The starting point for the paper is the observation that most dollars spent by citizens to educate primary and secondary students are a tax deduction on their federal income taxes. For example, my property taxes and state income taxes are deductions when I file my federal income tax. My payment of these taxes has nothing to do with how much I use the public schools, only that I live in a jurisdiction subject to these taxes and that I have the right to send my children to these schools without additional payment. It also doesn't matter how much the public schools spend -- they could be spartan or lavish, efficient or inefficient. All of the tax payments can be claimed as deductions.
This arrangement contrasts with the funds that support private schools. Some of these funds are tax deductions -- for example, when a charitable donation is given to a private school, even if the donation is from a parent whose child attends the school. But the tuition payments paid by the parents are not tax deductible, and this is where my question arises. What should the federal government's tax treatment of private school tuition be? I think the answer starts with some recognition that enrolling children in a private school reduces the financial burden on the citizens of the state and locality of funding their attendance at the public school which their residence entitles them to attend. If there were no private schools, then public schools and the taxes that support them would have to be higher. Those higher state and local taxes could then be claimed as deductions on federal income tax returns.
We can approximate the amount of higher deductions by the per-pupil expenditures in the school districts of those students who attend private schools, modified to exclude those expenditures that would not follow the typical student and capped at the amount of private school tuition paid. This is what the paper noted above contributes -- an estimate of the tax cost to the federal and state governments for allowing these deductions by combining data from the American Community Survey, Public School Finance data, and the NBER Taxsim calculator. The result of the analysis is that the tax cost to federal and state governments is surprisingly small -- under $10 billion per year in 2010 dollars using the ACS from 2006 - 2010.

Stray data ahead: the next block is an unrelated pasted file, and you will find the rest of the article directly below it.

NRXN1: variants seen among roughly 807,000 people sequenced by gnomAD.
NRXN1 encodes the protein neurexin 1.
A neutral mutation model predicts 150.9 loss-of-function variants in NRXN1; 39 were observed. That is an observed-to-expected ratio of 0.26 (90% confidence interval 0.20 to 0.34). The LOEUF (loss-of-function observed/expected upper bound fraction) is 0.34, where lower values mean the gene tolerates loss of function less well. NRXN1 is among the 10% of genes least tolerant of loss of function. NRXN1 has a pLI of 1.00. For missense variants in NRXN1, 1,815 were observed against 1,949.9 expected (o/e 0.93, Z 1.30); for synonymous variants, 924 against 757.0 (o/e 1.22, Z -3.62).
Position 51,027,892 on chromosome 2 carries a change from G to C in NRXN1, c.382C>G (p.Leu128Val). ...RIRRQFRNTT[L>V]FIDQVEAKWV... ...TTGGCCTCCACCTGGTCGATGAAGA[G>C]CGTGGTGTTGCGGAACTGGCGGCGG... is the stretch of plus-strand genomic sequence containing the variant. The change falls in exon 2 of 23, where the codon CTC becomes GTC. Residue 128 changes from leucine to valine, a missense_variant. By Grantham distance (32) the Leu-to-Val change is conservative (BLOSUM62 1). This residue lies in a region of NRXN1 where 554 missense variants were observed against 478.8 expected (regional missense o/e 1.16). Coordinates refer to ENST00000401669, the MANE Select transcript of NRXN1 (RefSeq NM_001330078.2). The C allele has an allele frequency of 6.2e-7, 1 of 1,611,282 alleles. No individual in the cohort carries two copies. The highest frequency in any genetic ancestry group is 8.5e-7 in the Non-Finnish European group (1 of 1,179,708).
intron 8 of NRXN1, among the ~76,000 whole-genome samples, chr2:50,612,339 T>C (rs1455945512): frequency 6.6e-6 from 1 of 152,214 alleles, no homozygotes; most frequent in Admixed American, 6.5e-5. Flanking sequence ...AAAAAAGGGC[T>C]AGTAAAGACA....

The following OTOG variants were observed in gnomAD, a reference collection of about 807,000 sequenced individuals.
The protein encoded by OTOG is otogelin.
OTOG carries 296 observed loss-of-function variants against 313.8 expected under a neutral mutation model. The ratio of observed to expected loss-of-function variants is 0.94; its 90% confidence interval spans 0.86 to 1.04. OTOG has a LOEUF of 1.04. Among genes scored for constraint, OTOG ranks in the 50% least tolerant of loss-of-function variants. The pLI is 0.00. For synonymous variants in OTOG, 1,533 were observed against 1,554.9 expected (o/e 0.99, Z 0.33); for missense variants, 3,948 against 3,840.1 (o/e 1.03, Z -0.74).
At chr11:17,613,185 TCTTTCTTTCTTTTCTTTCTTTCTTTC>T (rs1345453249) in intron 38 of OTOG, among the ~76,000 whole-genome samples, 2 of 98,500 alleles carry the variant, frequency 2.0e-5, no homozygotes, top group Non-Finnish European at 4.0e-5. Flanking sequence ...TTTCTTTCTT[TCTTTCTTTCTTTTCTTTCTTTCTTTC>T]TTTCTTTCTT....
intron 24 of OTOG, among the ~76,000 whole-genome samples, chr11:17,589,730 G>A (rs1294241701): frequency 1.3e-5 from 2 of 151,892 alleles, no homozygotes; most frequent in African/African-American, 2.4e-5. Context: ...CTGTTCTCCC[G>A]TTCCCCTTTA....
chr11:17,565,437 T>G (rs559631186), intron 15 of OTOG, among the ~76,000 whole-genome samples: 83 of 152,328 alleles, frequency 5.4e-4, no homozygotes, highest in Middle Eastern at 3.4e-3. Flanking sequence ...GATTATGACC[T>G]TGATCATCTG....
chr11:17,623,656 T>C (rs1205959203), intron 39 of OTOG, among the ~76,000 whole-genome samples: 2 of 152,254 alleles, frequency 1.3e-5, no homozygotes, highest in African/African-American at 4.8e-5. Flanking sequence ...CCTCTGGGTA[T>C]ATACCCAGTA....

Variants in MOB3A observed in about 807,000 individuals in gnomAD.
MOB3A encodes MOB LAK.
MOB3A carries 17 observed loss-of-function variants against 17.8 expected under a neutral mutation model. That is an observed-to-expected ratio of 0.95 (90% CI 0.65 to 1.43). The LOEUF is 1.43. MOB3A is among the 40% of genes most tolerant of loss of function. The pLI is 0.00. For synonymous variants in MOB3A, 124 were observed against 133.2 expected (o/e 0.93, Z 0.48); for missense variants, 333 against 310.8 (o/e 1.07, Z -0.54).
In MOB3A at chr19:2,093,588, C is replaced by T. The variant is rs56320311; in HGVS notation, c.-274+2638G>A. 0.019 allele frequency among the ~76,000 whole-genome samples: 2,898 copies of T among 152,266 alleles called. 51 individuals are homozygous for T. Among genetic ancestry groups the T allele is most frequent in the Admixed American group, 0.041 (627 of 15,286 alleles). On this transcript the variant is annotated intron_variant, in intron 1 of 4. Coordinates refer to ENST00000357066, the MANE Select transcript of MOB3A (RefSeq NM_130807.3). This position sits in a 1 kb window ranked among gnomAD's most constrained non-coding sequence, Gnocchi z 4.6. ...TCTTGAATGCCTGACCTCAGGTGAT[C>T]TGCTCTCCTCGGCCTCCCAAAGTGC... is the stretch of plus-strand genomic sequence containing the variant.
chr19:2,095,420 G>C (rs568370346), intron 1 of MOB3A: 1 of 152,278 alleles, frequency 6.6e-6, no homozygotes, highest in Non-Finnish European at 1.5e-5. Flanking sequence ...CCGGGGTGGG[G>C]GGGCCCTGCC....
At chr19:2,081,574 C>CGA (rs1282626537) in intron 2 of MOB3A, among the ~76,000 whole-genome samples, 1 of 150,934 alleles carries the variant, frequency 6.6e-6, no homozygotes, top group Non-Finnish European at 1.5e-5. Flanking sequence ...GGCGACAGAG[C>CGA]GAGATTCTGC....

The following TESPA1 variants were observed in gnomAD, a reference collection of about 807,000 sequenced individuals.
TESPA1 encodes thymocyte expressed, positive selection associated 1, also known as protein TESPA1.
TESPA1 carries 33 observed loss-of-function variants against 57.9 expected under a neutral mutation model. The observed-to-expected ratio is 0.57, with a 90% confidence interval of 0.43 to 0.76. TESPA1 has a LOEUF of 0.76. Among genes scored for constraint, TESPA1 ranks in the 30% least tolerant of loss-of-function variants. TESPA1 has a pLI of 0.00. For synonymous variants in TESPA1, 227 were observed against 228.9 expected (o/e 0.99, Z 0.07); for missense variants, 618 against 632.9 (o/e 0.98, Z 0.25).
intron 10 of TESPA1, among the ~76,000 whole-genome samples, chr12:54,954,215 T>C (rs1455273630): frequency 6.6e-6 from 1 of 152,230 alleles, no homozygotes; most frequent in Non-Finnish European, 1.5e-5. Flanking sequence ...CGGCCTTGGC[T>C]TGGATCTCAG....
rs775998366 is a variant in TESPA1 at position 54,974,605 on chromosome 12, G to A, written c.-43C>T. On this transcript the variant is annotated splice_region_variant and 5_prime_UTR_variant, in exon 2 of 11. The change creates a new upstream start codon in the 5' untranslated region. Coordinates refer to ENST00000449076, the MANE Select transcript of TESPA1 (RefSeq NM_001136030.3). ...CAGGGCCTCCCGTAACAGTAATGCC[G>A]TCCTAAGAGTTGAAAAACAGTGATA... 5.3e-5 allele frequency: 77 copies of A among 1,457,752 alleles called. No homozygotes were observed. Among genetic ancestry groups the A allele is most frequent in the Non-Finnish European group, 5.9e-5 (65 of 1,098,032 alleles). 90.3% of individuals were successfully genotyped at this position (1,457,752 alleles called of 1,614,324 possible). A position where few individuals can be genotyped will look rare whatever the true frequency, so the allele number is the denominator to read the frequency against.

The title of the paper is "Donating the Voucher," based on the idea that if every student received a voucher equal to the per-pupil expenditures in his or her district, then 10% of the students are claiming no services with their vouchers and have essentially donated them back to the citizens who fund the public schools. I blogged about the politics of the idea several years ago, before I started work on the paper. The full abstract of the paper is:
Approximately 10 percent of school-age children in the United States are enrolled in private schools, relieving the financial burden on public school systems, and the taxpayers who support them, of the cost of their education. At present, the tax code does not allow families who provide this financial relief an income tax deduction, even though such relief is a gift to governments for exclusively public purposes and thus analogous to a charitable donation. Using the Public Use Microdata Sample of the American Community Survey and the NBER Internet Taxsim calculator, this paper estimates that granting families who enroll their children in private schools an income tax deduction equal to the per-pupil expenditures in their public school district would cost the federal government an average of $7.75 billion per year over the 2006 – 2010 period. This amount is less than one percent of federal income tax revenues. Because private school enrollment, public school expenditures, the likelihood of itemization, and marginal tax rates increase with taxpayer income, the dollar benefits of this change are positively related to income. At the margin, high-income taxpayers would receive about 35 cents in federal and state tax relief for each dollar of per-pupil expenditures foregone.